The play is nothing if not topical. In September, Education Secretary Betsy DeVos eliminated the Obama administration Title IX policies regarding campus sexual assault, claiming accused students, mostly male, were not getting due process. The old rules gratified feminists and outraged some parents; the new ones, still to be determined, are likely to cause the reverse response. To read or watch the news reveals an American society and culture that is sexually sick: both repressed and libidinous, guilt-ridden with tongues hanging out of mouths. From Hollywood to Washington to the everyday office and school, we desperately promote a surface “hotness,” but express lust and needful desire with a crazy combination of panic, masturbatory childishness, animalism, and a punitive school-marm Puritanism. Nicki Minaj is giving John Calvin a lap dance; it’s not going well.
The real victims are our children, who, inheriting older folks’ erotic shame, demand perfection from themselves and the other, and failing that, ladle on the inward flagellation and outward revenge, never getting the chance to enjoy each other in a shared healthful wholesome passion. As represented in the pointed, acrid new play Actually, the kids are beaten before they start.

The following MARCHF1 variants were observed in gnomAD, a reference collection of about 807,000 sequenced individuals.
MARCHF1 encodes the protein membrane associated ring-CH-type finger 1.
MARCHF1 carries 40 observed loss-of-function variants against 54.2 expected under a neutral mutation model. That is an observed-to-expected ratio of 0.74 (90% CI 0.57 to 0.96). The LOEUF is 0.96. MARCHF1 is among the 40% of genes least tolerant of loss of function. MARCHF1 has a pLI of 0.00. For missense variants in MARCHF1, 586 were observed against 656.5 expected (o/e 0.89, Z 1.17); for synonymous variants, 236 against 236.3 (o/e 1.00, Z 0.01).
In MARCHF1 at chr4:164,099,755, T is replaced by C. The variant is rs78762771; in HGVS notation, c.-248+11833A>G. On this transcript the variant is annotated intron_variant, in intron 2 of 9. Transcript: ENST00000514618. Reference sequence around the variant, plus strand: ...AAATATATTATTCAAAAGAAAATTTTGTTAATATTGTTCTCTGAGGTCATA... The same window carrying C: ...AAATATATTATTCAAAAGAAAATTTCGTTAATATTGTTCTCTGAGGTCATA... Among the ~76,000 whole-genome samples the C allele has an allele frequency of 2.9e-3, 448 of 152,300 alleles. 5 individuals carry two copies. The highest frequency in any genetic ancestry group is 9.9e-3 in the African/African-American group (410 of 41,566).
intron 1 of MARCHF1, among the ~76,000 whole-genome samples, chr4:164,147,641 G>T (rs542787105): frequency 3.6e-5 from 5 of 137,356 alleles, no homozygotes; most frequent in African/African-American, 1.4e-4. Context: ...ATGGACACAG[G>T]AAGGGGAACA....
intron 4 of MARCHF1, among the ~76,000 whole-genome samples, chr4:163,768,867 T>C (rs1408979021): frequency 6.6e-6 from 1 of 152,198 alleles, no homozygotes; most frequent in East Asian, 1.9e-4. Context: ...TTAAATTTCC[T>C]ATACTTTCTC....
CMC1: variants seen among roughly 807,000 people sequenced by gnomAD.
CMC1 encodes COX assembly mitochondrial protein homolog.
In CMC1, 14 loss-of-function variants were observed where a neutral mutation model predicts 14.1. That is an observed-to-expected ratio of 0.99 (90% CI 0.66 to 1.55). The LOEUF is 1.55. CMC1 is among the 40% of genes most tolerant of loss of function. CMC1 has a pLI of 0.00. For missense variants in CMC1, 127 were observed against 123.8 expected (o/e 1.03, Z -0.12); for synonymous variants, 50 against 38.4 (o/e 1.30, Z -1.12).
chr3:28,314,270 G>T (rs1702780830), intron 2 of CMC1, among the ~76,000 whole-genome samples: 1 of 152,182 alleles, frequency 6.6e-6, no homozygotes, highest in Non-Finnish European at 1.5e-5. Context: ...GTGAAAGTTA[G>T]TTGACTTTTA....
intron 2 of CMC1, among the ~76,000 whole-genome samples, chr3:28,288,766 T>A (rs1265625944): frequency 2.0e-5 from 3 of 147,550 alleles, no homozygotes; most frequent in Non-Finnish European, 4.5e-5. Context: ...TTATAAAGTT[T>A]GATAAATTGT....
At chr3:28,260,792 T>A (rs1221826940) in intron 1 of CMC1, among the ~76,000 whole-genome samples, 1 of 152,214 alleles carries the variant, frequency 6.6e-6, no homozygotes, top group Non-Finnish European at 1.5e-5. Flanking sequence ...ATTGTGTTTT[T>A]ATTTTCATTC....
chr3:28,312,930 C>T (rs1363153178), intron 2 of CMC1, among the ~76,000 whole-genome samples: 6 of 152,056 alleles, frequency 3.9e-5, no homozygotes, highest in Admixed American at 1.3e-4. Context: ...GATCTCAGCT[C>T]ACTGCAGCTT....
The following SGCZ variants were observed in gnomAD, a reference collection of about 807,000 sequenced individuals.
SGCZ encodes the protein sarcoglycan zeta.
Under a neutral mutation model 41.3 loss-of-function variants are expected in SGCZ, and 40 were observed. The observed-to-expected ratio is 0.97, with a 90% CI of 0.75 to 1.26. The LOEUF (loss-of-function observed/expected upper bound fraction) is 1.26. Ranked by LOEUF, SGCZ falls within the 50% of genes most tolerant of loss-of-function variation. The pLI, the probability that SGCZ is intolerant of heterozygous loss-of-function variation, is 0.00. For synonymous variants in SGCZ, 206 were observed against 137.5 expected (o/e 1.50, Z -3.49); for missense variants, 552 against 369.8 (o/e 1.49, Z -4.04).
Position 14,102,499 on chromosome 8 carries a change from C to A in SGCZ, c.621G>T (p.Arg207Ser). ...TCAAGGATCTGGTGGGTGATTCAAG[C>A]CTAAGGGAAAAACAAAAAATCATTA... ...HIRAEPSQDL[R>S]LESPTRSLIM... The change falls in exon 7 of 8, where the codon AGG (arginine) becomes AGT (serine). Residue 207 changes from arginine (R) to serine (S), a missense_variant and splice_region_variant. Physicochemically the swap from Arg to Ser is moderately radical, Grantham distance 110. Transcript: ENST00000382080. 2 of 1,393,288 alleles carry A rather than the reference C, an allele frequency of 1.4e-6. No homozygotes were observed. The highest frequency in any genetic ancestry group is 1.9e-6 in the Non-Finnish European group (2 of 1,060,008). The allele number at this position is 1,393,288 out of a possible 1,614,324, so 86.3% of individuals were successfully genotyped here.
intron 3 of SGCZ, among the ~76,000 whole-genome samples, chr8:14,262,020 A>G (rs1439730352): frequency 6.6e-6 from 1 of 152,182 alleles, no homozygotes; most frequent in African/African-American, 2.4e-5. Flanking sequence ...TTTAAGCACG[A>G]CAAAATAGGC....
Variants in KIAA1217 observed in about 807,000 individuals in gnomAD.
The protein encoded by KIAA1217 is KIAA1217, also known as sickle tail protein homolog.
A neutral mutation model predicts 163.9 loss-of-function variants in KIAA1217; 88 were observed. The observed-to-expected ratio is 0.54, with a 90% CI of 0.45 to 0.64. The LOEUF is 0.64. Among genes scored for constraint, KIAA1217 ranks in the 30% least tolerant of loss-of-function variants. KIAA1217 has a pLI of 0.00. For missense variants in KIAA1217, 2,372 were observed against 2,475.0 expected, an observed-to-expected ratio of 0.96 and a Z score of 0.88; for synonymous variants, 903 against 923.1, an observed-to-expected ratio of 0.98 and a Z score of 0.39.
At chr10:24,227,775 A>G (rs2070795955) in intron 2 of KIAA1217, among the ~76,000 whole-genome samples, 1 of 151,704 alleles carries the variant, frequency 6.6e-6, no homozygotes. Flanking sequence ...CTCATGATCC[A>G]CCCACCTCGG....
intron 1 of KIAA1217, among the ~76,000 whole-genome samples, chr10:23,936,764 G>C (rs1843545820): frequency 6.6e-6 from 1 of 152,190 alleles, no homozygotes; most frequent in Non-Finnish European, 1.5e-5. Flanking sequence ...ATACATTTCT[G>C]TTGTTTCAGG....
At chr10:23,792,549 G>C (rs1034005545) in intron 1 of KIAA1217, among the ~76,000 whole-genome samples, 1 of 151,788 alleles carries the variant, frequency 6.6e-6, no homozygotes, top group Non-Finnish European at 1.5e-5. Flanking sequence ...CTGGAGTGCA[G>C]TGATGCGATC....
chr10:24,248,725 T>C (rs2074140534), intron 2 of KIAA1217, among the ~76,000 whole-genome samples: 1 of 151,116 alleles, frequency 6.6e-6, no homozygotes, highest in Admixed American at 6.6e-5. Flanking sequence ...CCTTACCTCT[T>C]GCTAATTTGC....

Scott Klavan, theatre writer at Escape Into Life, is an actor, director, and playwright in New York. Scott performed on Broadway in Irena’s Vow, with Tovah Feldshuh, in regional theater, and in numerous shows Off Broadway, including The Joy Luck Club. His stage adaption of Raymond Carver’s short story “Cathedral” was produced off-Broadway by Theater by the Blind (TBTB, now Theater Breaking Through Barriers), and his play Double Murder was published inBest American Short Plays of 2006-2007. For twenty years, Scott was Script and Story Analyst for the legendary actors Paul Newman and Joanne Woodward. In 2014, he starred in A Soldier’s Notes, an episode of the new Web Series Small Miracles, alongside Judd Hirsch, earning him a nomination for Outstanding Actor in the LA Web Series Festival 2015. He directed the one-woman show My Stubborn Tongue, written and performed by Anna Fishbeyn, at the United Solo Festival in New York, and a series of staged readings of a new comedy, Sheila & Angelo, at the Dramatist Guild. In 2015, he appeared in the Off-Broadway production of the musical Sayonara, for Pan Asian Rep. Scott directed and appeared in the solo play Canada Geese, by George Klas, in the 2016 New York International Fringe Festival. He is currently directing and developing the play One Moment, by Broadway producer James Fuld, Jr. Earlier in 2017, he directed and co-wrote with Del Fidanque Off-Line and directed Night Shadows by Lynda Crawford, in Emerging Artists Theatre’s (EAT) New Work Series. Klavan is a Lifetime Member of The Actors Studio and a member of the Studio’s Playwright/Directors Workshop. He currently teaches at the 92nd St. Y and other arts organizations.